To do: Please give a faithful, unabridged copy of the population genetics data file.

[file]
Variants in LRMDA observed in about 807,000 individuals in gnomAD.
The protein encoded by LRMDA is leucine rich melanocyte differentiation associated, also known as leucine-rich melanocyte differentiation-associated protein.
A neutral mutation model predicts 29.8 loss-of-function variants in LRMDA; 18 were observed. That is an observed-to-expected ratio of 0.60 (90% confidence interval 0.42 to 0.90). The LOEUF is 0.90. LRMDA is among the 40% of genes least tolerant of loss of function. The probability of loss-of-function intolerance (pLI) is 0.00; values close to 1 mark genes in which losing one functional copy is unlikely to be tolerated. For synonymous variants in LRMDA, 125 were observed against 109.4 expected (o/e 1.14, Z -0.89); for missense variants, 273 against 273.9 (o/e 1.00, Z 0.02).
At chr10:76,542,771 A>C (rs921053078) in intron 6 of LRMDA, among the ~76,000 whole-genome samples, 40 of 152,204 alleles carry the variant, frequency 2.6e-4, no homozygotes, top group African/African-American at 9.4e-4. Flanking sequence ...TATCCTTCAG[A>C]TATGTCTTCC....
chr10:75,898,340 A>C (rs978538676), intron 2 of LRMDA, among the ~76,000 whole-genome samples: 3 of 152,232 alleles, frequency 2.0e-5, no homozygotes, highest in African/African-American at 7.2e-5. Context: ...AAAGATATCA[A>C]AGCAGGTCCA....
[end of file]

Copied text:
Variants in LRMDA observed in about 807,000 individuals in gnomAD.
The protein encoded by LRMDA is leucine rich melanocyte differentiation associated, also known as leucine-rich melanocyte differentiation-associated protein.
A neutral mutation model predicts 29.8 loss-of-function variants in LRMDA; 18 were observed. That is an observed-to-expected ratio of 0.60 (90% confidence interval 0.42 to 0.90). The LOEUF is 0.90. LRMDA is among the 40% of genes least tolerant of loss of function. The probability of loss-of-function intolerance (pLI) is 0.00; values close to 1 mark genes in which losing one functional copy is unlikely to be tolerated. For synonymous variants in LRMDA, 125 were observed against 109.4 expected (o/e 1.14, Z -0.89); for missense variants, 273 against 273.9 (o/e 1.00, Z 0.02).
At chr10:76,542,771 A>C (rs921053078) in intron 6 of LRMDA, among the ~76,000 whole-genome samples, 40 of 152,204 alleles carry the variant, frequency 2.6e-4, no homozygotes, top group African/African-American at 9.4e-4. Flanking sequence ...TATCCTTCAG[A>C]TATGTCTTCC....
chr10:75,898,340 A>C (rs978538676), intron 2 of LRMDA, among the ~76,000 whole-genome samples: 3 of 152,232 alleles, frequency 2.0e-5, no homozygotes, highest in African/African-American at 7.2e-5. Context: ...AAAGATATCA[A>C]AGCAGGTCCA....